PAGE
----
In this meta-analysis, we included four randomized controlled trials evaluating the effect of oral zinc supplementation over hepatic encephalopathy. Three studies reported data on number connection test; all three showed an improvement in performance in the zinc group compared to placebo or standard therapy. This improvement suggests a beneficial effect of oral zinc in encephalopathy patients. Two studies reported data on encephalopathy recurrence rate. Both studies observed lower recurrence rates in the zinc groups, suggesting a beneficial effect of zinc; however, given the small sample size, confidence intervals were wide and failed to reach statistical significance.
Hepatic encephalopathy is characterized at the neurophysiological level by disturbed corticocortical and corticomuscular coupling, and at the cellular level by primary gliopathy [2, 5, 17, 18]. Ammonia is a key pathophysiological factor in hepatic encephalopathy [18, 19]. In the brain, ammonia is detoxified by astrocytes through a reaction catalyzed by glutamine synthetase; an increased brain glutamine/glutamate ratio is associated with decreased myoinositol, reflecting compensation for glial edema [20–23]. Swollen astrocytes predispose to neuronal dysfunction by impairing their regulatory activity against the increase in protein tyrosine nitration and the formation of reactive oxygen and nitrogen oxide species including nitric oxide. If not counteracted, these reactions promote RNA oxidation, which prompts gene expression and the transcription of altered proteins [2, 5, 6, 18, 19, 21, 24].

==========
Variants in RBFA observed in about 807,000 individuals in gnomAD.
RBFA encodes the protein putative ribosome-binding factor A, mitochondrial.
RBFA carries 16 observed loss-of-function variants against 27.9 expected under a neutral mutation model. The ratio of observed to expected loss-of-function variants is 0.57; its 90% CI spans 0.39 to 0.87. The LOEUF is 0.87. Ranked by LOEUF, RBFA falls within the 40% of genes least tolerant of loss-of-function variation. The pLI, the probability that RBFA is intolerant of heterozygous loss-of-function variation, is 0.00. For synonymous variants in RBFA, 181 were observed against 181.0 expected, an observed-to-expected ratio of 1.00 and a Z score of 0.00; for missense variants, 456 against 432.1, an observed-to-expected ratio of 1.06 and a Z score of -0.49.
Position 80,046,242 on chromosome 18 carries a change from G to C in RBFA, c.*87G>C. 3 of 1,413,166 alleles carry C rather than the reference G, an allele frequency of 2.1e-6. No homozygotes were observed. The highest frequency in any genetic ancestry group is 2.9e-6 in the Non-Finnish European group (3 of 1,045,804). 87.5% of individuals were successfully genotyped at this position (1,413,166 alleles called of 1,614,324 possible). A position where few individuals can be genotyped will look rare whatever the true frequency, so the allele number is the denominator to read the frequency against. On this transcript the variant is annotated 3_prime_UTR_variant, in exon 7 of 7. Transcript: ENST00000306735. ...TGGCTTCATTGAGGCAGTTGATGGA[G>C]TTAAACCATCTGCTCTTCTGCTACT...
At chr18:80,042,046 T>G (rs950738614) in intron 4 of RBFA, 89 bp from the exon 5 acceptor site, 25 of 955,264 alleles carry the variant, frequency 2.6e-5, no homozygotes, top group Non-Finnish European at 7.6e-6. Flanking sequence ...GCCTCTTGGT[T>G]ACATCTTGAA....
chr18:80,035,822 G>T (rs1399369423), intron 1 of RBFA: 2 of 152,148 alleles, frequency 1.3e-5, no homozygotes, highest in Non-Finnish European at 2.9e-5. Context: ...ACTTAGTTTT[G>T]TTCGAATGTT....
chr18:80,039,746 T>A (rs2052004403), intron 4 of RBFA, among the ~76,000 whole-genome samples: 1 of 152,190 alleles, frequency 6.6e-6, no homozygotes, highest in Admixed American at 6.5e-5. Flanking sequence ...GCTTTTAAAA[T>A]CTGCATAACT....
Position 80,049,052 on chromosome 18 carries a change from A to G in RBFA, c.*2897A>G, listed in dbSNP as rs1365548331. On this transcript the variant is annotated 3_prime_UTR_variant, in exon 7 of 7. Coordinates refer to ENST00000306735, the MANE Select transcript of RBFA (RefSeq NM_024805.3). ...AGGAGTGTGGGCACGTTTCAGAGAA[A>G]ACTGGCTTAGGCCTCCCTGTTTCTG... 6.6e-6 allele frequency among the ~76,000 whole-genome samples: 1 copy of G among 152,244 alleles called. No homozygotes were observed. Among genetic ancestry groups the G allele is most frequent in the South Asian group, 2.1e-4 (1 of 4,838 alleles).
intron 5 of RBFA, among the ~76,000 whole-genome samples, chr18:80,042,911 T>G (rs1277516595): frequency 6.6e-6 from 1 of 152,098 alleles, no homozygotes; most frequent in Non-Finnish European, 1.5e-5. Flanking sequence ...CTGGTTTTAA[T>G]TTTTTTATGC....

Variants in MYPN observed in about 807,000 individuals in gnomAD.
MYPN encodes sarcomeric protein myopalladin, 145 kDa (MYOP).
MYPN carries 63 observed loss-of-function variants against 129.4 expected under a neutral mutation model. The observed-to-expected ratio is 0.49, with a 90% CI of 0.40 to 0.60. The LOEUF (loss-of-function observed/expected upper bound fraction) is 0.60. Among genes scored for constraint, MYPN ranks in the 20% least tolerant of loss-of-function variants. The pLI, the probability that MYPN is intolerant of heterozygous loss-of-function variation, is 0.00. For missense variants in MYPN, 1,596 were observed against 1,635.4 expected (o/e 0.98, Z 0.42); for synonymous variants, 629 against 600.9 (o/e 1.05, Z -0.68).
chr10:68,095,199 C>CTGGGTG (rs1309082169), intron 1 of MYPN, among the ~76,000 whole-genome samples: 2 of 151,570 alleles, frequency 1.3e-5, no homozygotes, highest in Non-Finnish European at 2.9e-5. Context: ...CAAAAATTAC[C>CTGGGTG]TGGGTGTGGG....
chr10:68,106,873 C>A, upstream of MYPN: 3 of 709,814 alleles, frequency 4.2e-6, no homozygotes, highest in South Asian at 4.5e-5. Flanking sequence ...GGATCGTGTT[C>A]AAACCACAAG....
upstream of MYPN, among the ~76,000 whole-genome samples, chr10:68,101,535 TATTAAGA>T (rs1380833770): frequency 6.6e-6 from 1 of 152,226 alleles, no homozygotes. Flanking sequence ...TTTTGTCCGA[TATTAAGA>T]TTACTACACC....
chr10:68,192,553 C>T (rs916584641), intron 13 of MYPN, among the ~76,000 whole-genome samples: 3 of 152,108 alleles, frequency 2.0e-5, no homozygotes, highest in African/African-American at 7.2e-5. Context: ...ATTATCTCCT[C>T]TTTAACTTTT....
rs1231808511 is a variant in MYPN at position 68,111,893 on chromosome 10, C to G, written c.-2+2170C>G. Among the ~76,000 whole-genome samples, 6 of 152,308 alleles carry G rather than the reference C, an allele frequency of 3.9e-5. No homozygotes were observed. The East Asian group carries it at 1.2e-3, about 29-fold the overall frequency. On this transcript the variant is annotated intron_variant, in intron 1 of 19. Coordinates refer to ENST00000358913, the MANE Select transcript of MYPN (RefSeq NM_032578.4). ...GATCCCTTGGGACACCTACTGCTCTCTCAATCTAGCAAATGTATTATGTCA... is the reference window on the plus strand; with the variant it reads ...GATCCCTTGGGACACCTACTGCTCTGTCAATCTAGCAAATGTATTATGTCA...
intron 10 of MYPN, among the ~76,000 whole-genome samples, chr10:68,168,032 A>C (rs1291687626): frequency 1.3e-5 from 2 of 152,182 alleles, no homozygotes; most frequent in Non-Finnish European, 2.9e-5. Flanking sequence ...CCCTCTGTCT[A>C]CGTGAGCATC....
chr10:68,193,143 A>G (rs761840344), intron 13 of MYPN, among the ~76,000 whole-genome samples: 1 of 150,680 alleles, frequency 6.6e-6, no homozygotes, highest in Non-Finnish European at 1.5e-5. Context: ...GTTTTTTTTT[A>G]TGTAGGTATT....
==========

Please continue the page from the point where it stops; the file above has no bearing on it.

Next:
Cytokines or lipopolysaccharides could induce the formation of nitrogen oxide species and trigger zinc release from metallothioneins, the principal zinc storage protein. A fluctuation in intracellular zinc levels modulates signal transduction, transcription factor activity, and gene expression, causing hepatic encephalopathy symptoms. Zinc deficiency is associated with disturbances in learning, memory, and emotional stability and is accompanied by hyperammonemia. Zinc supplementation has shown to reduce ammonia levels in experimental animals and humans through hepatic urea synthesis stimulation and glutamine synthesis in skeletal muscle [2, 6–8, 12, 18, 19, 21, 25].
The present meta-analysis is limited by the small number and poor quality of trials included. Available trials studied heterogeneous outcomes and failed to measure critical outcomes such as quality of life. This hinders the ability to draw conclusions about the value of oral zinc supplementation in the treatment of hepatic encephalopathy. Additionally, little information regarding the clinical importance of the different zinc formulations used in the trials was available.
In conclusion, oral zinc supplementation improved performance on the number connection test, but there is no clear evidence that supplementation improves encephalopathy or encephalopathy-related quality of life. More trials are needed to evaluate the use of oral zinc supplementation in patients with liver cirrhosis and hepatic encephalopathy.